New federal security policy on the way

Commercial information security products designed to protect information

systems from cyberattacks next year will have to meet strict international

standards before government agencies can purchase them.

The new National Information Assurance Acquisition Policy, approved

last month by the National Security Telecommunications and Information Systems

Security Committee, will be phased in on Jan. 1, 2001, when all government

agencies will be "encouraged" to purchase only those products that meet

the standards. By Jan. 1, 2002, however, agencies will only be allowed to

purchase commercial information assurance products evaluated by accredited

national laboratories and that meet internationally recognized assurance

standards.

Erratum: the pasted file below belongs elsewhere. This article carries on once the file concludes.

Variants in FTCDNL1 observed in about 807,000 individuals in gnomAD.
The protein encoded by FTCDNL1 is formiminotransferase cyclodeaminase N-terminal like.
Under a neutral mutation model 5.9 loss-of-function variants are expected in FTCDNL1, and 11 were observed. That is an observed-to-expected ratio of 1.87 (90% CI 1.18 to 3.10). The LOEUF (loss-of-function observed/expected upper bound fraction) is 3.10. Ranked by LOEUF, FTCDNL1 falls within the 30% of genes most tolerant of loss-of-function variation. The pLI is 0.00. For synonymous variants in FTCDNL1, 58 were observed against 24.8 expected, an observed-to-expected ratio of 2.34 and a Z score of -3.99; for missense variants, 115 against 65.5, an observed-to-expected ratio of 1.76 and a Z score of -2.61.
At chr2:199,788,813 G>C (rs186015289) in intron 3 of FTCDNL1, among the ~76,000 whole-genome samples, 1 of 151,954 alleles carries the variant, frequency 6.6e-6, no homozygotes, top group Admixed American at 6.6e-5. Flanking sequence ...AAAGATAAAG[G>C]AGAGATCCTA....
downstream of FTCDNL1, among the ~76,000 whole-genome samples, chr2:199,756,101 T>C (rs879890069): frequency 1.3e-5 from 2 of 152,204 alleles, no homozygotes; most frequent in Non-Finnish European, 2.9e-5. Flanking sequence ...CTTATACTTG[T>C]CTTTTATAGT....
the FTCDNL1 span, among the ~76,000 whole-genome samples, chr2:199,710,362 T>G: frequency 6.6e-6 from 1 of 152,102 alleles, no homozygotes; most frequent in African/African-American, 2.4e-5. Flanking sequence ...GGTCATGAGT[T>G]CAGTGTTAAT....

"Information assurance (IA) shall be considered as a requirement for

all systems used to enter, process, store, display, or transmit national

security information," the policy states. "Effective 1 January 2001, preference

shall be given to the acquisition of COTS IA and IA-enabled IT products

which have been evaluated and validated."

The standards cited by the new policy include:

* The International Common Criteria for Information Security Technology

Evaluation Mutual Recognition Arrangement.

* The National Security Agency/National Institute of Standards and

Technology

(NIST) National Information Assurance Partnership Evaluation and Validation

Program.

* The NIST Federal Information Processing Standard validation program.

The National Security Telecommunications and Information Systems Security

Committee is an intergovernmental organization representing 21 agencies.

It establishes policy on the security of national security information systems

and is chaired by Arthur Money, assistant secretary of Defense for command,

control, communications, and intelligence.

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